If you are working with a larger heat source such as a fire place or a camp fire, then you need to do a few things differently. First, you will need to take many more safety precautions. Wear fire resistant gloves and, whenever possible, use metal tongs or pliers when handling the heated soldering tool.
A wood fire is much hotter than a candle or a lighter, so you will want to use a tool that lets you work at a safe distance. To do this you can either use a long wire or you can attach your soldering tool to the end of a non-combustible rod such as a piece of steel rebar.
An open fire provides a lot more heat than a lighter, but it is much more difficult to precisely control. So you will probably want your soldering tool to be made of thicker metal. This will help it to catch and retain more heat. If you are using a wire as your soldering tool, you can make the tip thicker by folding the end of the wire over several times.
How and where you heat the solder tool will depend on the kind of fire you are working with. Hot coals will generally be a more steady heat source than leaping flames, but you will need a lot of glowing coals to heat your soldering tool. You will probably have to use some trial and error until you get a feel for what works. To make it easier, start with a larger fire. This will give you a larger and longer lasting coal bed to work with.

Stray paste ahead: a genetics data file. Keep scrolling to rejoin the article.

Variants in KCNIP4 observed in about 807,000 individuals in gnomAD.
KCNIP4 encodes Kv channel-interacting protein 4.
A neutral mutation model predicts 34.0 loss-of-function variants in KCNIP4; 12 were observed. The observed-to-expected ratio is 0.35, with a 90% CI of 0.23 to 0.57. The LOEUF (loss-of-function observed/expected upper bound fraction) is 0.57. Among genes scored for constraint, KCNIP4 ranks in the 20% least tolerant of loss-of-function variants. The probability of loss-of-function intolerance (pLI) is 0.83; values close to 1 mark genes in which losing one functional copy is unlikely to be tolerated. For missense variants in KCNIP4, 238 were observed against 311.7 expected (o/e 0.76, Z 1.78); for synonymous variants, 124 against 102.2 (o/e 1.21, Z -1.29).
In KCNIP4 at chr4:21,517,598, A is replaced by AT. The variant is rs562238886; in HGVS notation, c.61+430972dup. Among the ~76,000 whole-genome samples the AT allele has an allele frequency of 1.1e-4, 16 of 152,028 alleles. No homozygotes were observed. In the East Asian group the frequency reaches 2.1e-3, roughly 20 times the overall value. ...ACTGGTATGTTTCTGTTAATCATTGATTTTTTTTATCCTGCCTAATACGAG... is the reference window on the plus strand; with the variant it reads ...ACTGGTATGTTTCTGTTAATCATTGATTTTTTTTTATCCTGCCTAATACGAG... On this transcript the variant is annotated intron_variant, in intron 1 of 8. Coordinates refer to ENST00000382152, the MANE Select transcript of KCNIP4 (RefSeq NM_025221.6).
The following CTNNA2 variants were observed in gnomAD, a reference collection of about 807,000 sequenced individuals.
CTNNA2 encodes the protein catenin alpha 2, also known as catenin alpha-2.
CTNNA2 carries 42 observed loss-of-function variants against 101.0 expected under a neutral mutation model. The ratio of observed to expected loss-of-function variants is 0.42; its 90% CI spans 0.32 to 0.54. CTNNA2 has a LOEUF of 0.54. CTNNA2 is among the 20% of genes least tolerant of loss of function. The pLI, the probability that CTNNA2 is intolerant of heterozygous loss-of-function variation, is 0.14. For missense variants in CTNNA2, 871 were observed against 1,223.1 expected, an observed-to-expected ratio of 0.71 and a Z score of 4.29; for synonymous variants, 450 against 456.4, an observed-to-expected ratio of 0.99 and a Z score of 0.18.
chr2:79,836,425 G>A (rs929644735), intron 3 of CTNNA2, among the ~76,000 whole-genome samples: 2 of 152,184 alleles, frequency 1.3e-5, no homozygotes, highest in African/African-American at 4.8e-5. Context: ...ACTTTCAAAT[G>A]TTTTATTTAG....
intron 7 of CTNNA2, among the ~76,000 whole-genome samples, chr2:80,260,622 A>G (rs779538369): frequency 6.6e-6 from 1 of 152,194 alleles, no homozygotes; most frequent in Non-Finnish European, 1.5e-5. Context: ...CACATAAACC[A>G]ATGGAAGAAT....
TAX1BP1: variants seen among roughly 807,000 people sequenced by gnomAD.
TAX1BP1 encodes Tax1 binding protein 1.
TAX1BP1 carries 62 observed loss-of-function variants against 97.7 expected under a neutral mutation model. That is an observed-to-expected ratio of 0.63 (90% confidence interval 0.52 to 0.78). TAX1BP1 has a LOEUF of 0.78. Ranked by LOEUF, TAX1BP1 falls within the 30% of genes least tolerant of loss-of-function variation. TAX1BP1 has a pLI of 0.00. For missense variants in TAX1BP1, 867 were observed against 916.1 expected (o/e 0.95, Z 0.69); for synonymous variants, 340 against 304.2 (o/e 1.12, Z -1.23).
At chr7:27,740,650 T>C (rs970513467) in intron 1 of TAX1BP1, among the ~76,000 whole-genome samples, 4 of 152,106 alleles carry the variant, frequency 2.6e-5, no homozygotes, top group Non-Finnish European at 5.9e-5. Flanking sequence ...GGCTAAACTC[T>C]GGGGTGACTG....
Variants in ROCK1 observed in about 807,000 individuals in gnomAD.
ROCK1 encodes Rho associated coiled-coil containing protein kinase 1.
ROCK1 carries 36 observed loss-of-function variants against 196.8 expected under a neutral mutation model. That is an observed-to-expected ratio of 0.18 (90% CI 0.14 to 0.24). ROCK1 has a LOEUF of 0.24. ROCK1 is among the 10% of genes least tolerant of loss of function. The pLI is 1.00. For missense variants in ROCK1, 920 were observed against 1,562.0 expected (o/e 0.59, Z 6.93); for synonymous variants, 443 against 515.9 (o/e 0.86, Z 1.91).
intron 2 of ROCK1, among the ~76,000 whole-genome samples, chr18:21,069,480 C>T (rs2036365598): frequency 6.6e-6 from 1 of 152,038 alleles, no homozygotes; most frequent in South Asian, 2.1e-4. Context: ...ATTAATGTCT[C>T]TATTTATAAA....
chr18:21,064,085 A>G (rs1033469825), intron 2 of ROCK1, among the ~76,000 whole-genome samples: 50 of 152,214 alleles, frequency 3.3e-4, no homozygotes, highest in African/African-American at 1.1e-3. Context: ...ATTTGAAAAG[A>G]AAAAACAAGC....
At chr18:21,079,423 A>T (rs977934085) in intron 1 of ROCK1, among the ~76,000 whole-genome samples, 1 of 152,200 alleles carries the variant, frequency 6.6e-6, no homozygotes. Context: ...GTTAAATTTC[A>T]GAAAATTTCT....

After you have heated your tool, move it quickly to the object that you want to solder. Be careful! Once the soldering tool is no longer able to melt the solder, move it back to the fire to reheat it.